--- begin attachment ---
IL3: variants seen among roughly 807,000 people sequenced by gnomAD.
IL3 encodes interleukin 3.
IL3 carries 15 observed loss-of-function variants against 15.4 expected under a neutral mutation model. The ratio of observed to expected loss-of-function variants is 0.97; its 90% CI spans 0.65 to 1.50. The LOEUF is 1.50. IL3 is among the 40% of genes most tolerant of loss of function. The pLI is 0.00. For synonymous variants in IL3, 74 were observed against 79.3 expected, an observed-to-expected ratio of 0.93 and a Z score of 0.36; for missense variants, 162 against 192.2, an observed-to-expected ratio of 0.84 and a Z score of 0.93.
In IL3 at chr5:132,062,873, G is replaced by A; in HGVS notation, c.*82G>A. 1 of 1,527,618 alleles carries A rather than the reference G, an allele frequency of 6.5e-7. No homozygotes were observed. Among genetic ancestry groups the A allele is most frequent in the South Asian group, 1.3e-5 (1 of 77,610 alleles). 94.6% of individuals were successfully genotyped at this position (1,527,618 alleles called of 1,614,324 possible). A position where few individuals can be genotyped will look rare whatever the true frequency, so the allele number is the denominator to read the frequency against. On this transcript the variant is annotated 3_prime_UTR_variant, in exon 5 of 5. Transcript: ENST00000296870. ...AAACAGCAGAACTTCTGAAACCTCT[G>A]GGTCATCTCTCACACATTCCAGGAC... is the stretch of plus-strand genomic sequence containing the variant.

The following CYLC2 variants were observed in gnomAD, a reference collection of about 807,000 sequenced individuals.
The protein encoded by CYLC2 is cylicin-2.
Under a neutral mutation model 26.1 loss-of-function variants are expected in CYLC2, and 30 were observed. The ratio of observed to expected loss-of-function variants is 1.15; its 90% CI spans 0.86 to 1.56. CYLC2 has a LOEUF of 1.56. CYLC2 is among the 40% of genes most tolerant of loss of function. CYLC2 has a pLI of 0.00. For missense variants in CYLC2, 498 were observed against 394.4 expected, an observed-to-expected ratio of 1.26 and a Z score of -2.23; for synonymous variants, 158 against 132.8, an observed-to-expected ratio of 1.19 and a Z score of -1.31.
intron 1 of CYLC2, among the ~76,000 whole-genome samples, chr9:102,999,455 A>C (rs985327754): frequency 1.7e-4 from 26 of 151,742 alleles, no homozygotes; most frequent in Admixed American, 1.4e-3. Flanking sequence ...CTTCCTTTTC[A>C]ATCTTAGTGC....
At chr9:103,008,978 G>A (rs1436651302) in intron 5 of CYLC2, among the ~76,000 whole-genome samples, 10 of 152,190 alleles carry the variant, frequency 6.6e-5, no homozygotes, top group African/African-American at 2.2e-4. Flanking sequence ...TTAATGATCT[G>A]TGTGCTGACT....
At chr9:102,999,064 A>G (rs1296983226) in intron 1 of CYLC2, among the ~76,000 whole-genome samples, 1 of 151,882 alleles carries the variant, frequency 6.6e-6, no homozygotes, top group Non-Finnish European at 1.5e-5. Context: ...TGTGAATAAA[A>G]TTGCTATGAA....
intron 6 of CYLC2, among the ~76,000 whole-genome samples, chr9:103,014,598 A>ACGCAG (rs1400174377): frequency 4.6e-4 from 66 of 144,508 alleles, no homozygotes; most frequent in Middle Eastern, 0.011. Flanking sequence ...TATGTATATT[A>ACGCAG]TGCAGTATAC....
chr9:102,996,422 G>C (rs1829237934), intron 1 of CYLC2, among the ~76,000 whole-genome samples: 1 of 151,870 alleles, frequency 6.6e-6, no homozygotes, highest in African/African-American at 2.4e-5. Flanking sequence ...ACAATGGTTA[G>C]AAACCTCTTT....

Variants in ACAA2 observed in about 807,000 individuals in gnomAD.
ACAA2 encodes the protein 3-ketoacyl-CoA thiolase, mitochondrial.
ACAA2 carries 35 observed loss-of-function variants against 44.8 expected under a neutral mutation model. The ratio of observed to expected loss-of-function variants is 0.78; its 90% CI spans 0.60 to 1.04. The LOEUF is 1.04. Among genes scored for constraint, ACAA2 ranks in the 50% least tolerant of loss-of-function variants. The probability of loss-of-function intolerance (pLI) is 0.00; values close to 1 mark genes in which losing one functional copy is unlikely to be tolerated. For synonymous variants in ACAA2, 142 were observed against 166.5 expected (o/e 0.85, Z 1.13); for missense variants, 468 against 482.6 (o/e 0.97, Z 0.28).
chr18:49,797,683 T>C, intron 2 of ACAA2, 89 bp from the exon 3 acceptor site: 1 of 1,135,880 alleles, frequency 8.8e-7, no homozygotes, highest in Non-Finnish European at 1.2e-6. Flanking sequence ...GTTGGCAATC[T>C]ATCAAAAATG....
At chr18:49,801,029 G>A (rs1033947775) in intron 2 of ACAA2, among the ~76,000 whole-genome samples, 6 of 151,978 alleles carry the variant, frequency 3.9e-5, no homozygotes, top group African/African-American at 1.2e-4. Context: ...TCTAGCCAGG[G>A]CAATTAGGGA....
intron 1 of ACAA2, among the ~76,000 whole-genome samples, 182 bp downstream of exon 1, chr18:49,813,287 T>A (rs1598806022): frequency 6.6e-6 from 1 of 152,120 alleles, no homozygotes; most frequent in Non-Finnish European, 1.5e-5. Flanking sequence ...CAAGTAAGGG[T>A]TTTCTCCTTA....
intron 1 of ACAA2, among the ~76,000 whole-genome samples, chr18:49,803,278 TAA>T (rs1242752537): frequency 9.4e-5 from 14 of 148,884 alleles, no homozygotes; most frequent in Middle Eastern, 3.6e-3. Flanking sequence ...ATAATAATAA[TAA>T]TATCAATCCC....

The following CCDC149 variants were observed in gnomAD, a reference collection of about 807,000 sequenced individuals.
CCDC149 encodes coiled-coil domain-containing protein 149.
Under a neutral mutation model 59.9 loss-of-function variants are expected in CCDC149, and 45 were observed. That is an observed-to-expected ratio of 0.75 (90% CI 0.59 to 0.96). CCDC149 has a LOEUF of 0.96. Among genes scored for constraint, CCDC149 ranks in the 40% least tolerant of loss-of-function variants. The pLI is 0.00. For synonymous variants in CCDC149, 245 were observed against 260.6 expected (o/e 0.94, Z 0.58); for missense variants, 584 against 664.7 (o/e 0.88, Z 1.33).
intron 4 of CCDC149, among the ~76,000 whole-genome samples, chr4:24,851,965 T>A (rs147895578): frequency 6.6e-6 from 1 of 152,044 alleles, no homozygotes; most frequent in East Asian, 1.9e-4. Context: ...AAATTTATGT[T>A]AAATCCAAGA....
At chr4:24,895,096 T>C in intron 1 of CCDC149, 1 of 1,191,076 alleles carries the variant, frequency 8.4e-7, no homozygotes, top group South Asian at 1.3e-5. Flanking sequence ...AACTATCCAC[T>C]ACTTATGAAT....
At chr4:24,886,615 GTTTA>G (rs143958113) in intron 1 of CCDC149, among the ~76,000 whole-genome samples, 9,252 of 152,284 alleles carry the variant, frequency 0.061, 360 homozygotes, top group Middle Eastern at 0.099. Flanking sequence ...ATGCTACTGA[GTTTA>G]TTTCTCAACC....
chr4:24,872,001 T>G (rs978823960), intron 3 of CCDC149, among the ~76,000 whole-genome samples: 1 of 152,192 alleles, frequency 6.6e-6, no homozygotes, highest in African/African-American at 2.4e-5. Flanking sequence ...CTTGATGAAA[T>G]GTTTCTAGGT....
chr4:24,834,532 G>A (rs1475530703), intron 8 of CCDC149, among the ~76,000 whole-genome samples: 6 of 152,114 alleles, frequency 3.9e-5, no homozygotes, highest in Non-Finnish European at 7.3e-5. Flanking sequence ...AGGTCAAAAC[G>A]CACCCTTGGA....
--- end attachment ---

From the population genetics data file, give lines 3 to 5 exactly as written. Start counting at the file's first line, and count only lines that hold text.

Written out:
IL3 carries 15 observed loss-of-function variants against 15.4 expected under a neutral mutation model. The ratio of observed to expected loss-of-function variants is 0.97; its 90% CI spans 0.65 to 1.50. The LOEUF is 1.50. IL3 is among the 40% of genes most tolerant of loss of function. The pLI is 0.00. For synonymous variants in IL3, 74 were observed against 79.3 expected, an observed-to-expected ratio of 0.93 and a Z score of 0.36; for missense variants, 162 against 192.2, an observed-to-expected ratio of 0.84 and a Z score of 0.93.
In IL3 at chr5:132,062,873, G is replaced by A; in HGVS notation, c.*82G>A. 1 of 1,527,618 alleles carries A rather than the reference G, an allele frequency of 6.5e-7. No homozygotes were observed. Among genetic ancestry groups the A allele is most frequent in the South Asian group, 1.3e-5 (1 of 77,610 alleles). 94.6% of individuals were successfully genotyped at this position (1,527,618 alleles called of 1,614,324 possible). A position where few individuals can be genotyped will look rare whatever the true frequency, so the allele number is the denominator to read the frequency against. On this transcript the variant is annotated 3_prime_UTR_variant, in exon 5 of 5. Transcript: ENST00000296870. ...AAACAGCAGAACTTCTGAAACCTCT[G>A]GGTCATCTCTCACACATTCCAGGAC... is the stretch of plus-strand genomic sequence containing the variant.

The following CYLC2 variants were observed in gnomAD, a reference collection of about 807,000 sequenced individuals.